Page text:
U.S. Congressman Don Beyer was on hand Sept. 16 as Goodwin House Alexandria recognized three employees who recently became U.S. citizens through the Goodwin Living Foundation’s citizenship grant program.
“Our program began in 2018 when one of our residents, Rita Siebenaler, had the idea that our staff could benefit from a program for a clearer path to citizenship,” said Goodwin Living president and CEO Rob Liebreich. “Twenty-five percent of our staff are not U.S. citizens. They want to become citizens but just don’t have the funds to make it happen.”
In 2018, Goodwin Living and the Goodwin Living Foundation created a citizenship application fee program that provides employees with grants to cover the cost of citizenship application fees. Nearly 1,000 Goodwin House employees from more than 60 countries are non-U.S. citizens.
Celebrating as new citizens were Ali Cherchar, Emmanuel Nkiruka and Yehula Azene.
“Becoming a citizen is about representing the U.S. values of equity, inclusion and opportunity for all,” said Cherchar. “That is why I wanted to become a U.S. citizen and today I am proud to be an American.”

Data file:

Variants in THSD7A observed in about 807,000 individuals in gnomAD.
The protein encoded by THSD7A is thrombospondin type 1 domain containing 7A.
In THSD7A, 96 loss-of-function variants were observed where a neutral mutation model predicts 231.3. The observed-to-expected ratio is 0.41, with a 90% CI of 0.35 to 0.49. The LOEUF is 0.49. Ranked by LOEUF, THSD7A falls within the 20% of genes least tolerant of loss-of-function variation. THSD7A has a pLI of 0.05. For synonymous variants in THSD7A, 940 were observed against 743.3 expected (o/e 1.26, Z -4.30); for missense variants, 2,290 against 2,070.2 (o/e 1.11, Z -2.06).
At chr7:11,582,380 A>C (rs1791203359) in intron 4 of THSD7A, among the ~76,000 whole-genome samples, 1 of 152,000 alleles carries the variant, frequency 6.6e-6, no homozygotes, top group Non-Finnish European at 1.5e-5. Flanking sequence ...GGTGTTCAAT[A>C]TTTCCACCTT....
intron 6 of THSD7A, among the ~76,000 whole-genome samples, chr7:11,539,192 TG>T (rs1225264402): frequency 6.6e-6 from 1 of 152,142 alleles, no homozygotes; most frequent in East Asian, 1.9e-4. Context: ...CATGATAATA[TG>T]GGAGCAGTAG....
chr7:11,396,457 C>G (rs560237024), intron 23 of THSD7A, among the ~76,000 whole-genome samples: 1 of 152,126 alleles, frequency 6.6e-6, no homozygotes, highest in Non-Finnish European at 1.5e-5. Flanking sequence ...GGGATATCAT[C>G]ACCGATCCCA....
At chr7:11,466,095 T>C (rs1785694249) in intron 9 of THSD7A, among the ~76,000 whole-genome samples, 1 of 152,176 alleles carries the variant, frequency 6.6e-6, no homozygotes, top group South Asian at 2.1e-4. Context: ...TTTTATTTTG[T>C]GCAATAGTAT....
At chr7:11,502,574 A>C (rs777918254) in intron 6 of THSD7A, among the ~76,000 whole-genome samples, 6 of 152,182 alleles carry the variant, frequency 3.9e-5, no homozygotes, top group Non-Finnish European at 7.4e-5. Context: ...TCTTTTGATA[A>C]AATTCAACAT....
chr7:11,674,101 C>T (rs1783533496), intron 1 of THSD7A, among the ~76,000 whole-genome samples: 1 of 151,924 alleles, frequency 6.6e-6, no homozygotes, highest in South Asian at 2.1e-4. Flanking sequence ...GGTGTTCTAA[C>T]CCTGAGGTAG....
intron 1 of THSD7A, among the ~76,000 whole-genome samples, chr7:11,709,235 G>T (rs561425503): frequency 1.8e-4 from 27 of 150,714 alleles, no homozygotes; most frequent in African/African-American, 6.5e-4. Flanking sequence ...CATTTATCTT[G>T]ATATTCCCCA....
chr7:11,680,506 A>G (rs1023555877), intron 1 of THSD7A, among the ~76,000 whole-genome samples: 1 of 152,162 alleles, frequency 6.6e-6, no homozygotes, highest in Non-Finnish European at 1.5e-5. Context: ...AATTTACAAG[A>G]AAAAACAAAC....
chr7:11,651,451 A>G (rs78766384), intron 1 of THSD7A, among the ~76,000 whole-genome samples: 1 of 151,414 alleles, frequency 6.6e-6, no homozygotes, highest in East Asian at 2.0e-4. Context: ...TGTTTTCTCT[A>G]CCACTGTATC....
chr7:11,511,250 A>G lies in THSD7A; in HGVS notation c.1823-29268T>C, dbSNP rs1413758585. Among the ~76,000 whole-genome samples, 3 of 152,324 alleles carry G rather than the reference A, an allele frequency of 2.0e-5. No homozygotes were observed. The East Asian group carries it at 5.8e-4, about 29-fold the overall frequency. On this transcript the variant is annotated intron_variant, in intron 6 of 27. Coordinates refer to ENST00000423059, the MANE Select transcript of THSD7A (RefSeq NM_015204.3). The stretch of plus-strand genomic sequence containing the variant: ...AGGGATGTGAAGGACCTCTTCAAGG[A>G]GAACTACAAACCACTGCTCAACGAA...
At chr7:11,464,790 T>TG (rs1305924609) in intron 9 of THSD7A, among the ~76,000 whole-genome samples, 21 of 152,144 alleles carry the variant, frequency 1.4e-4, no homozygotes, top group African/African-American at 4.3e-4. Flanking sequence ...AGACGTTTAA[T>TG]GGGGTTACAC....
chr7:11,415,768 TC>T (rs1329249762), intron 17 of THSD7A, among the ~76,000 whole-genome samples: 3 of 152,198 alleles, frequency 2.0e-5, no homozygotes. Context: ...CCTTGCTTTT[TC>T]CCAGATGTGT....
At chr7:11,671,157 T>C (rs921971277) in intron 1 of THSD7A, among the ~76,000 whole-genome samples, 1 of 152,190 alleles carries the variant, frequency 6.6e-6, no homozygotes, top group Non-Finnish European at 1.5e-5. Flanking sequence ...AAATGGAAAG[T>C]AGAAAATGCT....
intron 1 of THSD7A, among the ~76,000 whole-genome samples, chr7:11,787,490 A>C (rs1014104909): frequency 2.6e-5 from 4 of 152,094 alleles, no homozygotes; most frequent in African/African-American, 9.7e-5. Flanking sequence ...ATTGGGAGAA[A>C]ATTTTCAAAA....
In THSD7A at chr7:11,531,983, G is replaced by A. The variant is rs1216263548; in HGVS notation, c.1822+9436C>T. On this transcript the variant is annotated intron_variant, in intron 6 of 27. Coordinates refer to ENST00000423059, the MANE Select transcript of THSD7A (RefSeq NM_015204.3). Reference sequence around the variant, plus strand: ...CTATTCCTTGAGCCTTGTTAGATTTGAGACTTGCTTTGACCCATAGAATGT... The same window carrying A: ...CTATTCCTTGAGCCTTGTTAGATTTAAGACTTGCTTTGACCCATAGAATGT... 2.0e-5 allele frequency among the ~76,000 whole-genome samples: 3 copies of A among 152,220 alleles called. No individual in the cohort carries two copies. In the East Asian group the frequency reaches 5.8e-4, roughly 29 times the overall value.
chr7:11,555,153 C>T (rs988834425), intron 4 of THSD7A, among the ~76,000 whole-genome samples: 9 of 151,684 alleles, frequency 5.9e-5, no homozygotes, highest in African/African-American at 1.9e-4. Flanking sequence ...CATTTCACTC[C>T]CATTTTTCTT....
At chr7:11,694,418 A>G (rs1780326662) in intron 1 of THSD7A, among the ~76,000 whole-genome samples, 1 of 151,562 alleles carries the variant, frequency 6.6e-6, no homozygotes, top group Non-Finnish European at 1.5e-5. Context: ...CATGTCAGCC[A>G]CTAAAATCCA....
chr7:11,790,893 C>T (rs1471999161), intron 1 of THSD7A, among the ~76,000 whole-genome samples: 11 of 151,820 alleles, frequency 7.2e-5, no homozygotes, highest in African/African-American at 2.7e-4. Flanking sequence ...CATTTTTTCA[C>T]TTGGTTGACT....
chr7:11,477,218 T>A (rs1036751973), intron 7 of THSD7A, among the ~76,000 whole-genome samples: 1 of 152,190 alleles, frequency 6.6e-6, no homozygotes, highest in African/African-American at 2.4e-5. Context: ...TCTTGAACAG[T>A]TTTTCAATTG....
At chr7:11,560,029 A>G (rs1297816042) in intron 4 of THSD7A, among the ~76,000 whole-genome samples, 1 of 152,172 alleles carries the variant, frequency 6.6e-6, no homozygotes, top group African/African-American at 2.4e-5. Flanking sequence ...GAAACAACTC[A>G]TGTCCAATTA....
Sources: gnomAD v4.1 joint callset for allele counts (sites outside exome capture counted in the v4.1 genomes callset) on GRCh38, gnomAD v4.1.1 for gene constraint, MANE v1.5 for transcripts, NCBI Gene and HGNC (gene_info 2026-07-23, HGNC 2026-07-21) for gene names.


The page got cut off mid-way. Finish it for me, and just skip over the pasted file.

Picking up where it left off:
Goodwin House residents volunteer to tutor the employees to prepare for their citizenship exams.
“Today was so fulfilling, so joyous,” said Judy Hansen, a Goodwin House resident and coordinator of the tutoring program. “The ceremony is so important to me and reminds all of us what it means to be an American, because I think we forget.”
The program has been so successful that Goodwin Living has extended the citizenship program to the spouses and children of employees and created a Citizenship Playbook to help other institutions implement similar programs.
“Four years after creating this program, we have impacted 115 lives in creating new U.S. citizens,” Liebreich said.
Said Azene on attaining her citizenship, “I now feel fully complete and part of the American family.”